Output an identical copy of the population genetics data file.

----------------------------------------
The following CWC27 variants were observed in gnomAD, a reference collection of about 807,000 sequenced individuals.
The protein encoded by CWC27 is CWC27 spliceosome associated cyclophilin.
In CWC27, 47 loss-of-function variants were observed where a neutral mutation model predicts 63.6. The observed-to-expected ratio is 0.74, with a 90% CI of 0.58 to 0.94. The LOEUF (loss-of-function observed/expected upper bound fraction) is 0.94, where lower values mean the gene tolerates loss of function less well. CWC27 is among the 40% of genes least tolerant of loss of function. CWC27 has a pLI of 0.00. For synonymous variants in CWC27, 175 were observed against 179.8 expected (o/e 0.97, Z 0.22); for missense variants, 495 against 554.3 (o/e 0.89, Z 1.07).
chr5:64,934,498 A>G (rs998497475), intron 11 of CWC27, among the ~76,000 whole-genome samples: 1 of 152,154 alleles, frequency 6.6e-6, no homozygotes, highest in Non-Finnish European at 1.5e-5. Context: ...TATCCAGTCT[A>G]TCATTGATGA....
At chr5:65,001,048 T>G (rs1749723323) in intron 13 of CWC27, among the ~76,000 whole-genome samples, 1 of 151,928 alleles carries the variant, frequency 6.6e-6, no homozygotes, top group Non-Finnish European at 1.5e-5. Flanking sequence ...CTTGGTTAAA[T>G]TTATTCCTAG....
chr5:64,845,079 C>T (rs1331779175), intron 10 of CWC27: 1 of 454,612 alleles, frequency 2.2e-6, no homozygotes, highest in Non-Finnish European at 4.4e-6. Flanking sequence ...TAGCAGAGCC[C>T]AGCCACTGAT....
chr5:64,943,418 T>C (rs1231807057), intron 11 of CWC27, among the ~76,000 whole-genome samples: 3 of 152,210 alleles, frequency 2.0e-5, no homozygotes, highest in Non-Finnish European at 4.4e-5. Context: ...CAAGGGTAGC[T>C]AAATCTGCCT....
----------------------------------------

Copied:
The following CWC27 variants were observed in gnomAD, a reference collection of about 807,000 sequenced individuals.
The protein encoded by CWC27 is CWC27 spliceosome associated cyclophilin.
In CWC27, 47 loss-of-function variants were observed where a neutral mutation model predicts 63.6. The observed-to-expected ratio is 0.74, with a 90% CI of 0.58 to 0.94. The LOEUF (loss-of-function observed/expected upper bound fraction) is 0.94, where lower values mean the gene tolerates loss of function less well. CWC27 is among the 40% of genes least tolerant of loss of function. CWC27 has a pLI of 0.00. For synonymous variants in CWC27, 175 were observed against 179.8 expected (o/e 0.97, Z 0.22); for missense variants, 495 against 554.3 (o/e 0.89, Z 1.07).
chr5:64,934,498 A>G (rs998497475), intron 11 of CWC27, among the ~76,000 whole-genome samples: 1 of 152,154 alleles, frequency 6.6e-6, no homozygotes, highest in Non-Finnish European at 1.5e-5. Context: ...TATCCAGTCT[A>G]TCATTGATGA....
At chr5:65,001,048 T>G (rs1749723323) in intron 13 of CWC27, among the ~76,000 whole-genome samples, 1 of 151,928 alleles carries the variant, frequency 6.6e-6, no homozygotes, top group Non-Finnish European at 1.5e-5. Flanking sequence ...CTTGGTTAAA[T>G]TTATTCCTAG....
chr5:64,845,079 C>T (rs1331779175), intron 10 of CWC27: 1 of 454,612 alleles, frequency 2.2e-6, no homozygotes, highest in Non-Finnish European at 4.4e-6. Flanking sequence ...TAGCAGAGCC[C>T]AGCCACTGAT....
chr5:64,943,418 T>C (rs1231807057), intron 11 of CWC27, among the ~76,000 whole-genome samples: 3 of 152,210 alleles, frequency 2.0e-5, no homozygotes, highest in Non-Finnish European at 4.4e-5. Context: ...CAAGGGTAGC[T>C]AAATCTGCCT....